18/12/2009

Wider Use Of 20mph Zones

New proposals to allow councils to put in place 20 mph schemes over groups of streets without the need for traffic calming measures such as speed humps had been announced by Road Safety Minister Paul Clark.

The government is encouraging local councils to introduce 20 mph schemes into residential streets and other roads where cycle and pedestrian traffic is high, such as around schools, shops and parks.

In the past, councils wanting to implement 20 mph schemes on groups of roads have had to do so in 'zones' which require traffic calming measures such as speed humps, while 20 mph limits without traffic calming were only recommended on individual roads.
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However, following a successful city-wide trial in Portsmouth which suggested it is possible to significantly reduce speeds on residential streets without speed humps or other traffic calming measures, the Department for Transport plans to allow 20mph limits to be used across more streets where traffic speeds are already low without the need for such measures.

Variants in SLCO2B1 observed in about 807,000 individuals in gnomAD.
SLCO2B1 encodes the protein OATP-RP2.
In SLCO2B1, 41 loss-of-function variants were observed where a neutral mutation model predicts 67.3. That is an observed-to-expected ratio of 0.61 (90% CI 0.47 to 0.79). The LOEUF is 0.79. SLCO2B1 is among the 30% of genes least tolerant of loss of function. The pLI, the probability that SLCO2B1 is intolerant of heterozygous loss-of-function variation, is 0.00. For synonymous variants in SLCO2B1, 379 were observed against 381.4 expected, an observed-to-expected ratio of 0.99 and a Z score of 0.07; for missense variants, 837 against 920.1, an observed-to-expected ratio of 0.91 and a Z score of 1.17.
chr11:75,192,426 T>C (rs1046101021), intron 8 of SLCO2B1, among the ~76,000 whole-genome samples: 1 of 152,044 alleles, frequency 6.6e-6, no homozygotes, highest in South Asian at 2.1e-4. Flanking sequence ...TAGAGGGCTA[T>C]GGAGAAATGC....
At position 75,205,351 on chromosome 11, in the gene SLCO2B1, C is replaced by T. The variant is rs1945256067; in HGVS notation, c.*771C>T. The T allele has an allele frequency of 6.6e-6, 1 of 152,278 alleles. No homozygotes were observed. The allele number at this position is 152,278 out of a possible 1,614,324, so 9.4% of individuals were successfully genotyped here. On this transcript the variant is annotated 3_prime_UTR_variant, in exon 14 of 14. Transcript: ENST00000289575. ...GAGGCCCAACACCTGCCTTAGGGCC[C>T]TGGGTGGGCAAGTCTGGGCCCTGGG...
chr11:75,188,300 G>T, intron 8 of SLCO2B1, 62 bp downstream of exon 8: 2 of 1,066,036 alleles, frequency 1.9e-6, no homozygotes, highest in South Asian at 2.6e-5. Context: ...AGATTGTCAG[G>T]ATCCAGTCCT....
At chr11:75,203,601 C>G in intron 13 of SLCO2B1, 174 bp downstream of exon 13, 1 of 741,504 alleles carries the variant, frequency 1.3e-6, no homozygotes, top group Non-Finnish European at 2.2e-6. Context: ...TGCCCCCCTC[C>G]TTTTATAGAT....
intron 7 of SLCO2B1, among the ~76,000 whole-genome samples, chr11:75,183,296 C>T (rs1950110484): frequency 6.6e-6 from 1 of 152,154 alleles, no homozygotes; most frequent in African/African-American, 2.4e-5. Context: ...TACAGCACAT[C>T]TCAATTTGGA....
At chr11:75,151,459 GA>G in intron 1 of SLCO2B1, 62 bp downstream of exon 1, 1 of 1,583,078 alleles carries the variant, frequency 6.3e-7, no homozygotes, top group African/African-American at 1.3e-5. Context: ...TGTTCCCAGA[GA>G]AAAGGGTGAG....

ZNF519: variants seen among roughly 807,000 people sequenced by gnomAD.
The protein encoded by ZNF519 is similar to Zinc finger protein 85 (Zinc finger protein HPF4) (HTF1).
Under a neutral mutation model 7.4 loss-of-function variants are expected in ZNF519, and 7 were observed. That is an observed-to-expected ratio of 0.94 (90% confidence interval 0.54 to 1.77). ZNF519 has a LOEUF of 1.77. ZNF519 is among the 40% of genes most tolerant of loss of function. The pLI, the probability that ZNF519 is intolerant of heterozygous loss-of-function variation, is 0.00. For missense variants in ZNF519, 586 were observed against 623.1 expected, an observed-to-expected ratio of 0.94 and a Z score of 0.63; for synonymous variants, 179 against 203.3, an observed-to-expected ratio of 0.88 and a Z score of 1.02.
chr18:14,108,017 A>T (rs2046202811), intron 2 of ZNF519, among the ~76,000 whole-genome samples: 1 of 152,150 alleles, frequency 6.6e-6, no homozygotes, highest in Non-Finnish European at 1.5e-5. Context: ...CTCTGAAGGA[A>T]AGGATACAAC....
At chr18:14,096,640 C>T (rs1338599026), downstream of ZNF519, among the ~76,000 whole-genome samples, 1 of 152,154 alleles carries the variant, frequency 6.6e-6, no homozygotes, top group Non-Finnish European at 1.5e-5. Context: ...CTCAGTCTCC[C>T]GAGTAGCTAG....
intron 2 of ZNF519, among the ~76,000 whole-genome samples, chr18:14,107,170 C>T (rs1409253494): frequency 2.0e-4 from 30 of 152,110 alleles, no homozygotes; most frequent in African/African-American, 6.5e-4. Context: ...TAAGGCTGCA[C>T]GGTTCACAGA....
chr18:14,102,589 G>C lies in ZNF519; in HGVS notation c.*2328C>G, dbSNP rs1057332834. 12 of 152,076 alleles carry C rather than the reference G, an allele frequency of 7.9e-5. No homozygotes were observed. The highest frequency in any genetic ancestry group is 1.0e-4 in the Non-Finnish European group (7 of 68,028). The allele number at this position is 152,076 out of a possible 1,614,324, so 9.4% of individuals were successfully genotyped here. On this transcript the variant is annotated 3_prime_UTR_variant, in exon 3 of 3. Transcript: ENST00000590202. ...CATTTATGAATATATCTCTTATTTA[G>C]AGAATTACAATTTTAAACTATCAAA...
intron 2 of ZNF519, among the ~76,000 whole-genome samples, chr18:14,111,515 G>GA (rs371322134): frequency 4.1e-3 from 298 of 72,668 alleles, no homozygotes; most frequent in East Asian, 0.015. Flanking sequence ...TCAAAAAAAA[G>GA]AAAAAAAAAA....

Minister Paul Clark said: "The number of people killed and seriously injured on Britain's roads has fallen by 40% since the mid-1990s and Britain now has the joint safest roads in the world. But too many pedestrians and cyclists – including many children – are still being killed or hurt on the roads around their homes and schools.

"We have seen that 20 mph zones with traffic calming measures can make a real difference to the safety of local roads."

He continued: "Allowing councils to put in place 20 mph speed limits on more streets without speed humps or chicanes will mean that they can introduce them at a lower cost and with less inconvenience to local residents."

Last week a report published in the British Medical Journal found that 20 mph zones in London had led to a dramatic reduction in the number of accidents in those areas and called for more 20 mph zones and limits to be put in place.

(PR/KMcA)

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